Frederick Wilmot-Smith, ‘§38 and the Lost Doctrine of Failure of Consideration’

I examine one section of the Restatement of Restitution and Unjust Enrichment, §38, which deals with the confusing and contentious interrelation between restitution and contract. §38 contains two distinct remedies; the Reporter, Andrew Kull, has argued that they are both remedies for breach of contract. If he is right, the remedies do not belong in this Restatement: they belong in contract texts and Restatements. He is half right. One of the remedies, reliance damages, serves as a proxy for expectation damages; it is a remedy for breach of contract. The other remedy, ‘performance damages,’ is better classified as extra-contractual.

To explain why the Restatement got this wrong, I trace the reception of the concept of ‘failure of consideration’ in the United States from the nineteenth century. The concept was used but never properly understood, and was ultimately rejected as an explanatory tool. Without a proper conceptual framework, the claim – now called ‘performance damages’ – was hard to understand or classify; because it is often factually connected with claims for breach of contract, it ended up there.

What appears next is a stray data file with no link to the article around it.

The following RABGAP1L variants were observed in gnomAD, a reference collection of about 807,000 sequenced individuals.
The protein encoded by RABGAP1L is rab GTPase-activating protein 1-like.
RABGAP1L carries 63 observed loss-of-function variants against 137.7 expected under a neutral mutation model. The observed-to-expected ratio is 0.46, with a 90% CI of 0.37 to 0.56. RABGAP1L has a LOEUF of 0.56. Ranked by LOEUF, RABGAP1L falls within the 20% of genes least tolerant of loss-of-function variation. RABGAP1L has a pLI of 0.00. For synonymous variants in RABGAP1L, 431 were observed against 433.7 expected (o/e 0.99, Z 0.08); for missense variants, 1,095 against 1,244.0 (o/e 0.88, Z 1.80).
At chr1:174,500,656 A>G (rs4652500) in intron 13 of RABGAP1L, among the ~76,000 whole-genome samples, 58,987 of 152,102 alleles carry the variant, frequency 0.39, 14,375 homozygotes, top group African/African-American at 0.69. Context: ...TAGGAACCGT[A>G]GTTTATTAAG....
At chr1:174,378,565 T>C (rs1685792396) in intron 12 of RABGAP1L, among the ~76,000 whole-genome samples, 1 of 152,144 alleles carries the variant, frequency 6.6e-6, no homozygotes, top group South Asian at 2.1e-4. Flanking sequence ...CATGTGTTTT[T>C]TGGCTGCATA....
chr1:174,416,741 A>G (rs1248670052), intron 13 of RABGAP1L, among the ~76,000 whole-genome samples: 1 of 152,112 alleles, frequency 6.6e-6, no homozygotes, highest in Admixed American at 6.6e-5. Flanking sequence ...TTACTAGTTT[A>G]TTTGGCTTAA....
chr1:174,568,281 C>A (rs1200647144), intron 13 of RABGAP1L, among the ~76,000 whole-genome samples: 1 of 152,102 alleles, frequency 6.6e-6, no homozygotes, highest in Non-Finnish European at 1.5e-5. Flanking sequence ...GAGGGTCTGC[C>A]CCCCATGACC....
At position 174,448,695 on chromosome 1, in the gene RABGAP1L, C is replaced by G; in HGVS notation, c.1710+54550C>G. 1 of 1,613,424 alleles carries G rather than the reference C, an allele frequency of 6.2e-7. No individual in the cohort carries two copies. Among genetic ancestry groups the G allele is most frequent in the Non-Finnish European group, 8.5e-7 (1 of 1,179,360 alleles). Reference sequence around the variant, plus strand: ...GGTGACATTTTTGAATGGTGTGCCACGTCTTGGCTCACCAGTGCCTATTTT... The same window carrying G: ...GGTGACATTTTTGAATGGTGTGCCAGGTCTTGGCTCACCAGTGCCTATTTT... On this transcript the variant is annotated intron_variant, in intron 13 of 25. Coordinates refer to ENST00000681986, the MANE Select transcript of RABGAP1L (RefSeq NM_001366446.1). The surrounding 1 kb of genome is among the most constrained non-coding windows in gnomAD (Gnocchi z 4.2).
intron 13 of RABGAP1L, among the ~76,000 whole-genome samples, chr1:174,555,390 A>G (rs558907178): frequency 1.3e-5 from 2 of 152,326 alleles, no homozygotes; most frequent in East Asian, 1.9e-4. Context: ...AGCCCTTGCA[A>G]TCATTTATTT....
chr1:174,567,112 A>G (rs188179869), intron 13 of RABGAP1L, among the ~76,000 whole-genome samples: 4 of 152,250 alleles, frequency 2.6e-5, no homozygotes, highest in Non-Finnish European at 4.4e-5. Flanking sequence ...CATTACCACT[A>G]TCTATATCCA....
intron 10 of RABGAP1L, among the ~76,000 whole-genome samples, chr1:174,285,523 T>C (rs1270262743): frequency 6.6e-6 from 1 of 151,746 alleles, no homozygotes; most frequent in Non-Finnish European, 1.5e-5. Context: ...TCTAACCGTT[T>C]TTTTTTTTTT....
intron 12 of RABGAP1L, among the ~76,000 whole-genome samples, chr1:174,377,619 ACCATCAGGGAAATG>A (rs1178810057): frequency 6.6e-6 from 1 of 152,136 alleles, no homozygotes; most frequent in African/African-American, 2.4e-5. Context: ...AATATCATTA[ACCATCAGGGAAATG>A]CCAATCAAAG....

Wilmot-Smith, Frederick, §38 and the Lost Doctrine of Failure of Consideration (2013). Charles Mitchell and William Swadling (eds), The Restatement Third, Restitution and Unjust Enrichment: Comparative and Critical Essays (Oxford, Hart Publishing, 2013).

First posted 2016-08-10 09:12:33

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